In the three years since the approval of University Health Network’s last information management strategy, care@uhn, significant resources have been invested in developing a highly integrated, content-rich and reliable information infrastructure. As a result, UHN is effectively using information and technology to support the delivery of care and business processes. Despite the progress made in reducing the organization’s dependence on manual systems and paper-based information storage, there remains a significant opportunity to leverage the investment made to date and profoundly improve patient care through increased access and use of information and technology.
While the long-term vision for information management established in care@uhn remains relevant, the strategic objectives and implementation plans needed to be updated to align with organizational, industry and technological developments, including:
§ UHN’s new corporate strategy, Strategic Directions 2011, identifying specific objectives for the use of information and technology at UHN;
§ SARS and its impact on hospitals, highlighting the need for improved access to information from remote locations to support ongoing operations in the event of an external disaster;
§ Investments at the national and provincial levels to accelerate the use of technology in health care, presenting new infrastructure funding and partnership opportunities for UHN;
§ Increasing public awareness of the role of information and technology in health care especially around patient safety;
§ Developments in technology, introducing new opportunities to deploy low-cost reliable devices that support decision-making wherever information is required.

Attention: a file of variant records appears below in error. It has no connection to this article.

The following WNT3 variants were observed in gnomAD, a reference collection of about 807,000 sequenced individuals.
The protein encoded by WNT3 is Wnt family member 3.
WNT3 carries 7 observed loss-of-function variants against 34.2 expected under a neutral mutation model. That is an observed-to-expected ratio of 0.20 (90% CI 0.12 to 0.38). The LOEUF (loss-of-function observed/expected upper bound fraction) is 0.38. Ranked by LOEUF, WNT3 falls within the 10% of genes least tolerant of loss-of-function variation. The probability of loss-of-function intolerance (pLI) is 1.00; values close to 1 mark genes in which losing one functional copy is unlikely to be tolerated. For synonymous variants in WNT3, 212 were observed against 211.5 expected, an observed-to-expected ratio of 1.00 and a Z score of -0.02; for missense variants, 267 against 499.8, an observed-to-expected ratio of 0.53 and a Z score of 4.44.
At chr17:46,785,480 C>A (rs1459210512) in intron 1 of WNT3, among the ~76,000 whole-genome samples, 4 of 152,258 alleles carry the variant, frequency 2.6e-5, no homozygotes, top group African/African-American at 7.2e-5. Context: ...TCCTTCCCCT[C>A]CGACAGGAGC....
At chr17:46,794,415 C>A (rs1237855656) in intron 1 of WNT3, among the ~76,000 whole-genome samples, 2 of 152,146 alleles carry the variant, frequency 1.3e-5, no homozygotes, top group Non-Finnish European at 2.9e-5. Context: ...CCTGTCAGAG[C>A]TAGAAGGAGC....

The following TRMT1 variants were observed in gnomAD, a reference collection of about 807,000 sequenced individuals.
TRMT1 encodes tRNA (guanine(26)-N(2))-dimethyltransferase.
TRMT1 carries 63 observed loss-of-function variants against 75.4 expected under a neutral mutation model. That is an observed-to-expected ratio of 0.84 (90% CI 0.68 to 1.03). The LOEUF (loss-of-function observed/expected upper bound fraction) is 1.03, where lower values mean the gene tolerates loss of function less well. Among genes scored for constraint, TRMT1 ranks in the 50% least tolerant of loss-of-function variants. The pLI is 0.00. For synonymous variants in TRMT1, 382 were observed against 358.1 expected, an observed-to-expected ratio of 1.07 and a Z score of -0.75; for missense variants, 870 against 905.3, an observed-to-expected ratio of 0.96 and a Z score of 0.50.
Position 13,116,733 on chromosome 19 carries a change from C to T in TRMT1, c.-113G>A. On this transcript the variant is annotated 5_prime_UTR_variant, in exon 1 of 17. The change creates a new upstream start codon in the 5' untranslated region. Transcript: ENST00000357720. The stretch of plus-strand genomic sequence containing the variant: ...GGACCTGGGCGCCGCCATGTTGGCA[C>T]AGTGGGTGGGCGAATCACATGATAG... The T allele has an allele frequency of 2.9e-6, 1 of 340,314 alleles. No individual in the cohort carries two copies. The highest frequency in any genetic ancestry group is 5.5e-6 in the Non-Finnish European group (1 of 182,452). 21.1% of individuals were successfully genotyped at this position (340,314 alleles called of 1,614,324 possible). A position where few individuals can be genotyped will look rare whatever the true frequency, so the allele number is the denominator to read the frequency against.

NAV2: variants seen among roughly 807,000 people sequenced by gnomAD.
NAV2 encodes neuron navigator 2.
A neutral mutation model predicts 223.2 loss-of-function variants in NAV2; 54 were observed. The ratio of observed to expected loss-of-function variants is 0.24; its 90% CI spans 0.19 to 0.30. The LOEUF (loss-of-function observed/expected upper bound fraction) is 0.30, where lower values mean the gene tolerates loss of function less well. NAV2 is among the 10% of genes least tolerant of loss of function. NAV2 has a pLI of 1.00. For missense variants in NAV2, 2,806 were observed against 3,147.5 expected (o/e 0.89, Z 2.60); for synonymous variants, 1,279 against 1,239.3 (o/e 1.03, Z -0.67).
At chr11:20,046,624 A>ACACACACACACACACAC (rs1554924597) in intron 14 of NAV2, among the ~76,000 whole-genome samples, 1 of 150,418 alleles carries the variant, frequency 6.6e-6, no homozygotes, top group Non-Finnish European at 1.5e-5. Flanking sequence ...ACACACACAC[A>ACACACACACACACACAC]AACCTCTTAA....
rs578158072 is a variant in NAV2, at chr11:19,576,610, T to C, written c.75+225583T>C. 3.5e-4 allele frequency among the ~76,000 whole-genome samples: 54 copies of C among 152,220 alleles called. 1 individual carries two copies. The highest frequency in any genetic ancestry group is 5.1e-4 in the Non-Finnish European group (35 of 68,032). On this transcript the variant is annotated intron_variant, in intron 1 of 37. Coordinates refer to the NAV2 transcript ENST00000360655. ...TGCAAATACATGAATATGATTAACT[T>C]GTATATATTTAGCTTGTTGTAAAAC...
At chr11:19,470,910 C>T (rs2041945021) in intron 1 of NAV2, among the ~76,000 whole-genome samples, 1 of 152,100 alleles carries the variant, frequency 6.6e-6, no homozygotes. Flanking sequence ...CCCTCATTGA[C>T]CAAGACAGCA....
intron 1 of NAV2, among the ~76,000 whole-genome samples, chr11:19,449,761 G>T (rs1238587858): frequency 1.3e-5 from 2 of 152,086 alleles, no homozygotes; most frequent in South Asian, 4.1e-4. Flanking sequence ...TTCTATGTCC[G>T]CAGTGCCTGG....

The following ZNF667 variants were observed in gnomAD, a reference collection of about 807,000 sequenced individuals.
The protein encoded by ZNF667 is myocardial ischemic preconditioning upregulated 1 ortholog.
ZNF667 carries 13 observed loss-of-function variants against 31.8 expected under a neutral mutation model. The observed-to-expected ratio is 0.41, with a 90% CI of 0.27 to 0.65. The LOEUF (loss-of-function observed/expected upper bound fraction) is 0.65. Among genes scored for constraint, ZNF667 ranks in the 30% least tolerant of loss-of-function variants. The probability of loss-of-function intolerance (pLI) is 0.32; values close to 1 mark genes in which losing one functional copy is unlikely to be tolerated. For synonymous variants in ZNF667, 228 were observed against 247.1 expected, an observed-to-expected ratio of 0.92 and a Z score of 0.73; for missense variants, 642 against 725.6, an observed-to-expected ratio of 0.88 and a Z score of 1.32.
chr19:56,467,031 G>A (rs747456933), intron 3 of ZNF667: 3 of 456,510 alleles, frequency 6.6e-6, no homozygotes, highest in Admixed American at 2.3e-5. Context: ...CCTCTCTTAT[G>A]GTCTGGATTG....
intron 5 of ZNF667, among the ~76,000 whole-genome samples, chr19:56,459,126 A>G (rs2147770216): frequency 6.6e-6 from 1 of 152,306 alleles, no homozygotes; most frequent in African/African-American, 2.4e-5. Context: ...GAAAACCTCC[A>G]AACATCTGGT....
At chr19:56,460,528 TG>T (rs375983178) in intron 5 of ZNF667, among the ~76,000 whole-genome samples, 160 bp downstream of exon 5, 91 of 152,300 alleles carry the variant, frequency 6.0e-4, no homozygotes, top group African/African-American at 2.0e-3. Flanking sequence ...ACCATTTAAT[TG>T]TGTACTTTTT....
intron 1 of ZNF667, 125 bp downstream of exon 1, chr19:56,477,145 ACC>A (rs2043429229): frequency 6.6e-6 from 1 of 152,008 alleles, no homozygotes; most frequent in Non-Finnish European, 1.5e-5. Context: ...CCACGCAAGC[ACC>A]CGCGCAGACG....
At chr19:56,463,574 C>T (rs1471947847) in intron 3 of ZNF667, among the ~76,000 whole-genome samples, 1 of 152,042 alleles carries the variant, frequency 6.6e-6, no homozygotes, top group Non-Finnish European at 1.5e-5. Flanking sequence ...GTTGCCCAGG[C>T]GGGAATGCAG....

As a result, in February 2004, UHN introduced Information Management Strategy 2009: Information Enabling Care, moving beyond the traditional theme of reliability and availability of technology and focusing instead on the use of information and technology to profoundly change and improve the delivery of patient care.
To be successful, we realized this strategy requires significant involvement and engagement from UHN and external stakeholders, particularly the clinical community – not an easy task to accomplish for a 1,000-bed integrated teaching health-care organization that includes Princess Margaret, Toronto General and Toronto Western hospitals. We would need to build on the previous information management strategies, while articulating the future information management vision for UHN and aligning with key internal and external developments.
There was no place better to start than with our Clinical Decision Support (CDS) technology.
Clinical Decision Support
We wanted to improve our utilization numbers, so we implemented Misys’ Order Entry system and it worked. For example, let’s look at a drug called Troponin, an appropriate test used for indicating risk in suspected myocardial infarction patients. The modified order screens improved effective ordering by non-cardiologists less familiar with the intricacies of cardiac markers. If they were to inappropriately order the drug, they would receive an advisory indicating why it was not needed as well as additional information supporting the advisory (e.g. online articles).